According to the Small Business Administration, small-business creation and ownership are on the rise. Many individuals starting businesses are using limited liability companies as their vehicle. LLCs provide many of the liability shielding and tax benefits of corporations but typically require less administrative oversight. This generally translates into more flexibility and lower costs.
Owners Are Members
An LLC is a business structure created and governed by state laws. An LLC's owners are referred to as members. Many states allow single-member LLCs. Other states require at least two members. Because most states have few, if any, restrictions on ownership, members can be individuals, corporations or other LLCs. For example, if you form an LLC with three other entities or individuals as owners, all four of you would be considered members.
Members can all have the same equitable membership interests, but this is not required. One member can have a higher level of ownership. If you form a multi-member LLC, you should complete an operating agreement that designates who owns what stake, or interests, and what the profit or loss distribution will be among members. If you create a single-member LLC, you own 100 percent of the membership interests.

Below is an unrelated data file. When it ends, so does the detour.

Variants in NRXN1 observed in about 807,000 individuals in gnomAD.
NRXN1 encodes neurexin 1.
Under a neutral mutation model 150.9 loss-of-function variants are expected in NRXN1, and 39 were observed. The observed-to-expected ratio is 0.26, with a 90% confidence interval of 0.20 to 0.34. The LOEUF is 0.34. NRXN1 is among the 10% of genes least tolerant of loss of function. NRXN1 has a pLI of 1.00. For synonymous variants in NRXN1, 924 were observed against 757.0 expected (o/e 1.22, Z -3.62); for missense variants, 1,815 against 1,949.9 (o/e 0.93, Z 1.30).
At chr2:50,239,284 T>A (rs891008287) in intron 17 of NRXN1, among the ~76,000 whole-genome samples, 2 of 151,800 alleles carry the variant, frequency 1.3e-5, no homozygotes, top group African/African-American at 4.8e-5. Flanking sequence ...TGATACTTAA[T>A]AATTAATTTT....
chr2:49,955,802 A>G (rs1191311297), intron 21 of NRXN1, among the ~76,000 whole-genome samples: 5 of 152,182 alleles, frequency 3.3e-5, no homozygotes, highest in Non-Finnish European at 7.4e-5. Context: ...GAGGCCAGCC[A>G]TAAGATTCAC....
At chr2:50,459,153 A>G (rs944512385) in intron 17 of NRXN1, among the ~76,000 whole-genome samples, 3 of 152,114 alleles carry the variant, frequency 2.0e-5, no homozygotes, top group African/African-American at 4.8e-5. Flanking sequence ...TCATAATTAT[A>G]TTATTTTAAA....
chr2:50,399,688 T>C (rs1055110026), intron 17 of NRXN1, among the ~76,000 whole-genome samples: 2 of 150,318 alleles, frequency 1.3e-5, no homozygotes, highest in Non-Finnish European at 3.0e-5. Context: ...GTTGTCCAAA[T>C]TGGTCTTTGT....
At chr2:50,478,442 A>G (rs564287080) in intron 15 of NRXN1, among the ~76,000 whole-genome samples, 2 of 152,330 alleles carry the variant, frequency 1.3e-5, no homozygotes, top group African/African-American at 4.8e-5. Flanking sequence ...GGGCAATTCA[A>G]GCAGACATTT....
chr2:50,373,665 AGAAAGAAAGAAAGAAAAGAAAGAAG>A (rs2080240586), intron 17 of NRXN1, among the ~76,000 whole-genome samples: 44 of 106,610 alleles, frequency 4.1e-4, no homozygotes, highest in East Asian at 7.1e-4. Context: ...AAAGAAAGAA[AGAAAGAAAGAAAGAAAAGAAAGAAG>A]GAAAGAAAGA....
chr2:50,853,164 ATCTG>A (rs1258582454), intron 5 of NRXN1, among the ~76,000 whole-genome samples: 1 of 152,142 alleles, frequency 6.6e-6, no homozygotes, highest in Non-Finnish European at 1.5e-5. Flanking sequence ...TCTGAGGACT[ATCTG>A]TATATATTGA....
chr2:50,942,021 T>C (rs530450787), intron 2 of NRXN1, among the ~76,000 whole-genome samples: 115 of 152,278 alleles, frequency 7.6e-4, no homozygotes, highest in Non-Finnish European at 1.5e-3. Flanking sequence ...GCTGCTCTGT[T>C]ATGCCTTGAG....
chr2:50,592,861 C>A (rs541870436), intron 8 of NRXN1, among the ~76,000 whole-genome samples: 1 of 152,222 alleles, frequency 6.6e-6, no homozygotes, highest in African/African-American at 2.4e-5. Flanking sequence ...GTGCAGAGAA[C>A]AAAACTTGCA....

A managing member has the authority to act as the agent on behalf of the LLC. This individual can enter into agreements and generally conduct the daily operations of the business. The operating agreement designates the roles, responsibilities and duties of the managing member. "Managing member," a legal designation, is often used as the operational title of the person in this role.
Except where compliance with legal statutes mandate, you can use other terms besides "member" or "managing member" to identify LLC owners. In day-to-day operations, many business owners use titles that represent ownership, such as “principal,” “founder,” “co-founder” or “owner.” If you are a member who does not play an active role in the business, you could choose “investor” as your title. If you are the managing member, you could use terms more people are familiar with, such as chief executive officer or president.
Ensure Title Has Authority
Alternatively, you can use a title that describes what you do for the company, such as “sales director.” To ensure that your title accurately reflects your role in the company, include a description of roles and titles in the operating agreement. This ensures that you and other applicable members have the full legal authority to sign any document, including legal documents, using your selected titles.
Tiffany C. Wright has been writing since 2007. She is a business owner, interim CEO and author of "Solving the Capital Equation: Financing Solutions for Small Businesses." Wright has helped companies obtain more than $31 million in financing. She holds a master's degree in finance and entrepreneurial management from the Wharton School of the University of Pennsylvania.